December 21 Update below. This post was originally published on December 20th
In November, Microsoft’s monthly Patch Tuesday security update included fixes for four Windows zero-day vulnerabilities. In December, two such zero days were part of the scheduled security update. As with all these security updates, rather than feature-modifying ones, the recommendation is to patch them as soon as possible. The US Cybersecurity and Infrastructure Agency (CISA) often requires federal agencies to update within 21 days and advises others to do so as soon as possible. However, as some Windows 10 users are discovering, the process doesn’t always go as smoothly as it should. Indeed, several users have complained that Windows 10 crashes on startup with a blue screen of death after installing the Tuesday December patch update, prompting Microsoft to issue a Windows 10 “known health issues” notification. ».
What causes Windows 10 to crash after the Patch Tuesday update?
The issue affecting some Windows 10 users involves the Human Interface Device Parsing library, hidparse.sys, which is part of the Windows operating system. It appears, Microsoft states, that for some users, with Windows installed on the C: drive, there is a mismatch between the versions of files in the system32 and systme32/drivers directories. This can cause signature validation to fail and lead to a blue screen of death crash. The affected versions of Windows appear to be limited to Windows 10 22H2, 21H2, 21H1 and 20H2.
Most users, most of the time, will never experience any problems applying the Windows Patch Tuesday security update each month. Indeed, I’ve personally had no issues and have been applying the updates since they first hit the security scene, which should give you cold comfort if you can’t boot your machine right now. You’ve probably used your phone and Google to try to find a solution, but Microsoft warns that this could be a bad idea. Marking it as important, Microsoft states: “it is not recommended to follow any other solution” than the official one given. It goes on to say that, specifically, hidparse.sys should not be deleted from the Windows\System32 folder.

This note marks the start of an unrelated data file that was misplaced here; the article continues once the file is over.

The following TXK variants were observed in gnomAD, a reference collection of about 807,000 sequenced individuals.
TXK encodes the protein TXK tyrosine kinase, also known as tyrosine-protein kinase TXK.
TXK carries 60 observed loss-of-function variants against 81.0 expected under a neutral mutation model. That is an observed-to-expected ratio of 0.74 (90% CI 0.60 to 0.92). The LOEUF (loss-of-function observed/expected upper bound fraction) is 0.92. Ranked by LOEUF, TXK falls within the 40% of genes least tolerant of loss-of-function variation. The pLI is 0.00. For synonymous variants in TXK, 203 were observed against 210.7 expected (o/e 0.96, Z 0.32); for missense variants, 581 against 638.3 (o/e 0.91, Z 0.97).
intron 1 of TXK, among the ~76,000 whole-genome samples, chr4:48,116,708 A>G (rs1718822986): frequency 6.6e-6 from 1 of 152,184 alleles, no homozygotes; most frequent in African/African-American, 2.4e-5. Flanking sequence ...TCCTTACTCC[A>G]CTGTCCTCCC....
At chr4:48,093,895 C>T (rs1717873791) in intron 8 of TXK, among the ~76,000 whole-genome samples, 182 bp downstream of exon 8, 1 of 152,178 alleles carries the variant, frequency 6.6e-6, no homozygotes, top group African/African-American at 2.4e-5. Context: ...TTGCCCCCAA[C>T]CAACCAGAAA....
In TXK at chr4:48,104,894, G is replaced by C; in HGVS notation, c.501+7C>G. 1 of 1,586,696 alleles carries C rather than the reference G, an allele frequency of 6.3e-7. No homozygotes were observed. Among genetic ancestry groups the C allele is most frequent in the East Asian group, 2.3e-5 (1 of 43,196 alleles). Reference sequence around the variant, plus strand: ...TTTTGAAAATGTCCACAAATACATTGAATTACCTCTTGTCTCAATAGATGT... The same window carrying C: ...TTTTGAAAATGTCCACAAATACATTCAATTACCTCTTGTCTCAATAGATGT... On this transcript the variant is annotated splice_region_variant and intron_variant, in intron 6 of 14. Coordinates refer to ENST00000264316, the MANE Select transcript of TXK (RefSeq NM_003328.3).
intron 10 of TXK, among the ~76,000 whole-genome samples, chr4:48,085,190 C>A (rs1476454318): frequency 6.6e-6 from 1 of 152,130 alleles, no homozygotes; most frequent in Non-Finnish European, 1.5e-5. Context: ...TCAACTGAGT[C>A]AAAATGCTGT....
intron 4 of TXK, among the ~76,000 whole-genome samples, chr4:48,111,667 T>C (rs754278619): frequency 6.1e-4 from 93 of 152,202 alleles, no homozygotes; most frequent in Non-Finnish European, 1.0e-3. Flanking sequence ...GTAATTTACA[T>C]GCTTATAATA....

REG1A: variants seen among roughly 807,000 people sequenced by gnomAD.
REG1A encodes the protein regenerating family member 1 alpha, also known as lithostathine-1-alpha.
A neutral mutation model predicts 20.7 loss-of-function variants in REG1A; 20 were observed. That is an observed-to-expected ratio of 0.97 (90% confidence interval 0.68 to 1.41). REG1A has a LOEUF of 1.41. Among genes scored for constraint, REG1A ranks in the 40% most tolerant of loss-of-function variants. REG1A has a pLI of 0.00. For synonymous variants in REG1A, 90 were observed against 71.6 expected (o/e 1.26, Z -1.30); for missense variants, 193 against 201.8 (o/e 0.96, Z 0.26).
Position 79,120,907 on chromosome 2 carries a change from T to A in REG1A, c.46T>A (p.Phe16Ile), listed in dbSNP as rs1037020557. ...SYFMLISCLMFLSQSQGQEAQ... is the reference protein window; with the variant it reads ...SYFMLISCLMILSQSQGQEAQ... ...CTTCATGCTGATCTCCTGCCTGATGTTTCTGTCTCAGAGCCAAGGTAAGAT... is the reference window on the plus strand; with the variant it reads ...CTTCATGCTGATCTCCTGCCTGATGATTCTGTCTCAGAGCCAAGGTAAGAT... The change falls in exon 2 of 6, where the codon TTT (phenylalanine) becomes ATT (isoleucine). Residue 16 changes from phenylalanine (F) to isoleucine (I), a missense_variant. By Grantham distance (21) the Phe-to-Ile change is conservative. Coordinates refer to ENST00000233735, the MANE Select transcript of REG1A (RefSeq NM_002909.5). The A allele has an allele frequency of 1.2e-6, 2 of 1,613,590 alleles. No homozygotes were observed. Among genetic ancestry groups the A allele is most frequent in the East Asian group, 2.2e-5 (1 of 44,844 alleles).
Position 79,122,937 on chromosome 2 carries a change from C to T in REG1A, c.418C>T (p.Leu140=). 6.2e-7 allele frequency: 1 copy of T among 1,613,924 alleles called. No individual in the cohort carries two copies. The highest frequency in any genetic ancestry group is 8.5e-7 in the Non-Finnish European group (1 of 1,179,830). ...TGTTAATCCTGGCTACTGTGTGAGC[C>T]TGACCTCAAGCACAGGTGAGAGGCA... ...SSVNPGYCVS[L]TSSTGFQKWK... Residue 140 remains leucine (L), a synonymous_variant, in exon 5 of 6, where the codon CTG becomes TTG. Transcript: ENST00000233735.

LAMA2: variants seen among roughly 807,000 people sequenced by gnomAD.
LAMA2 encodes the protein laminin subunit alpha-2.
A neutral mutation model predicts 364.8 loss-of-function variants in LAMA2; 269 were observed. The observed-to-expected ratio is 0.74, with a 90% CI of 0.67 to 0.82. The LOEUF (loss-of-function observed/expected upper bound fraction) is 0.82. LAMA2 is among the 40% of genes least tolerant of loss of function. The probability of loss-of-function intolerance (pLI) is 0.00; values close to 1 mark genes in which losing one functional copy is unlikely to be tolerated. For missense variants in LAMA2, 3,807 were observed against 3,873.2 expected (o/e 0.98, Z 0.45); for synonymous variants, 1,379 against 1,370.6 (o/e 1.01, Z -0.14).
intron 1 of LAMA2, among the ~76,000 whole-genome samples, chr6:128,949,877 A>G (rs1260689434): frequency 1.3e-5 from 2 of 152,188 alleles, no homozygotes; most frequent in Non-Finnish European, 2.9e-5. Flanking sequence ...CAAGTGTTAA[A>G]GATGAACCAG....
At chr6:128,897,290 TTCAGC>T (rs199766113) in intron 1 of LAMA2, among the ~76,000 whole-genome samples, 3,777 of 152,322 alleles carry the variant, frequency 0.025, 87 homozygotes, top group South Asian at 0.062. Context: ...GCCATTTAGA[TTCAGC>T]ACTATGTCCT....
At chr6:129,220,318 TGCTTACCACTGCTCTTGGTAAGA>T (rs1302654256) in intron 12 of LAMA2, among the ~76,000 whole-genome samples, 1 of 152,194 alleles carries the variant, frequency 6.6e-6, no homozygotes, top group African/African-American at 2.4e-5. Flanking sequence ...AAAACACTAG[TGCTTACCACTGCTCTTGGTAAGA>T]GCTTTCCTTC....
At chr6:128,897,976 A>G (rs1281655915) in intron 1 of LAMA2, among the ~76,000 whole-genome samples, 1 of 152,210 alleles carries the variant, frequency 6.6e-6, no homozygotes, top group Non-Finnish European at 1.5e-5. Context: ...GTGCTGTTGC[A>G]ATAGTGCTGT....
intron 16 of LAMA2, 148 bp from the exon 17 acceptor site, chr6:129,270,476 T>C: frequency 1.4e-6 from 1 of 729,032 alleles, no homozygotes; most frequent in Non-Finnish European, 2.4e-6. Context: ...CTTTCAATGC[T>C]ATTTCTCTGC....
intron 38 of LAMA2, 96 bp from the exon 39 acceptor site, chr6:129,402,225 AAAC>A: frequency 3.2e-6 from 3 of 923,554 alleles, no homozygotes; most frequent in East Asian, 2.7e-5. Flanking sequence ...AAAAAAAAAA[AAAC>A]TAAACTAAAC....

Follow mitigation advice if affected, otherwise paste
Update December 21:
Ed Williams, the director (EMEA) of SpiderLabs, a group of security researchers, ethical hackers and forensics, at Trustwave offered the following advice to Windows 10 users who may be considering not patching at all as a result of this news.
“I hope the recent news about specific issues with patching does not detract from the overall message about the importance of a strong patching strategy. As a security professional with more years of experience than I care to count, I would say that patching and patching quickly is still the number one preventative measure an organization can take to ensure it remains resilient against cyber attacks. cyber and malicious threat actors. Basically, don’t throw the baby out with the bathwater.
I am not advocating that patches should be installed blindly. On the contrary, a good vulnerability management program will guide these corner cases, but they are corner cases and should be treated as such.
We have a wealth of data that supports the importance of fixing and fixing quickly. my advice, follow the instructions if you are affected. Otherwise, patch.”
What is the official mitigation advice from Microsoft?
While Microsoft says it’s working on providing a further update that will fix the problem, in the meantime, there’s a fairly monotonous mitigation path you can follow. This involves first invoking the Windows Recovery Environment (WinRE) gods. It may be that when it crashes, your computer will boot into WinRE anyway, but if not, then you’ll need to be able to hold shift while restarting Windows to get there. If that fails, see Microsoft’s guide to getting into WinRE for more advice.
From here, you’ll need to select “Troubleshoot” followed by “Start Recovery” and “Advanced Options” and then “Command Prompt”. Yeah, you really have to dig into a command line for that, sorry. Once the command prompt windows opens and it may ask you to login with your password before it appears, you need to run the following command, assuming Windows is installed in C:\windows:
xcopy C:\windows\system32\drivers\hidparse.sys C:\windows\system32\hidparse.sys
Wait until you get the command prompt back, then type: exit
Select Continue and Windows should now start normally.
Of course, we should also remember that there are many other issues that can cause a Windows 10 system to crash with a blue screen of death, apart from the current hidparse.sys issue. If your PC problem started right after the latest Patch Tuesday security update, follow the mitigation tips above, as this is almost certainly to blame. However, if blue screens appear unrelated, there is a helpful guide to various causes and how to fix them on the TechCult website.